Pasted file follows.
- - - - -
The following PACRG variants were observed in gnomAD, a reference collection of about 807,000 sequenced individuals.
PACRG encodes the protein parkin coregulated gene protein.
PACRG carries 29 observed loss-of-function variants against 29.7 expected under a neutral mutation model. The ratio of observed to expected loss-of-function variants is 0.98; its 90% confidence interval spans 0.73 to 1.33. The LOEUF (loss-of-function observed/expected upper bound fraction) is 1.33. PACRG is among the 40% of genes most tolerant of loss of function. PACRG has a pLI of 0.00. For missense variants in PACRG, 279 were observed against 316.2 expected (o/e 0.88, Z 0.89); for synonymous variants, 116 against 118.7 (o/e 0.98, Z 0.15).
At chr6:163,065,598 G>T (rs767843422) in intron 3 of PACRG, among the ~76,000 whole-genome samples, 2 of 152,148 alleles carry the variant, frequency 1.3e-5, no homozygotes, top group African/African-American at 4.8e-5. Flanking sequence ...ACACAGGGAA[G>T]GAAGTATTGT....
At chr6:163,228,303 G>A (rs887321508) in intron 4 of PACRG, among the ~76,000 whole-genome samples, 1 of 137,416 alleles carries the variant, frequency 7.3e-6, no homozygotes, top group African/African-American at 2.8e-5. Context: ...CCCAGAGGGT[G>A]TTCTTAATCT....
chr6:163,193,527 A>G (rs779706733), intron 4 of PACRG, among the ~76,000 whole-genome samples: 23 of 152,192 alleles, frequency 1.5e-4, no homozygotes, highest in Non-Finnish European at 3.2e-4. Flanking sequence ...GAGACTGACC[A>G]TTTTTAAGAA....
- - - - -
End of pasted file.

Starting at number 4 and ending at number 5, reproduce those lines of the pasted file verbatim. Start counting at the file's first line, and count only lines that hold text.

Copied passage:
At chr6:163,065,598 G>T (rs767843422) in intron 3 of PACRG, among the ~76,000 whole-genome samples, 2 of 152,148 alleles carry the variant, frequency 1.3e-5, no homozygotes, top group African/African-American at 4.8e-5. Flanking sequence ...ACACAGGGAA[G>T]GAAGTATTGT....
At chr6:163,228,303 G>A (rs887321508) in intron 4 of PACRG, among the ~76,000 whole-genome samples, 1 of 137,416 alleles carries the variant, frequency 7.3e-6, no homozygotes, top group African/African-American at 2.8e-5. Context: ...CCCAGAGGGT[G>A]TTCTTAATCT....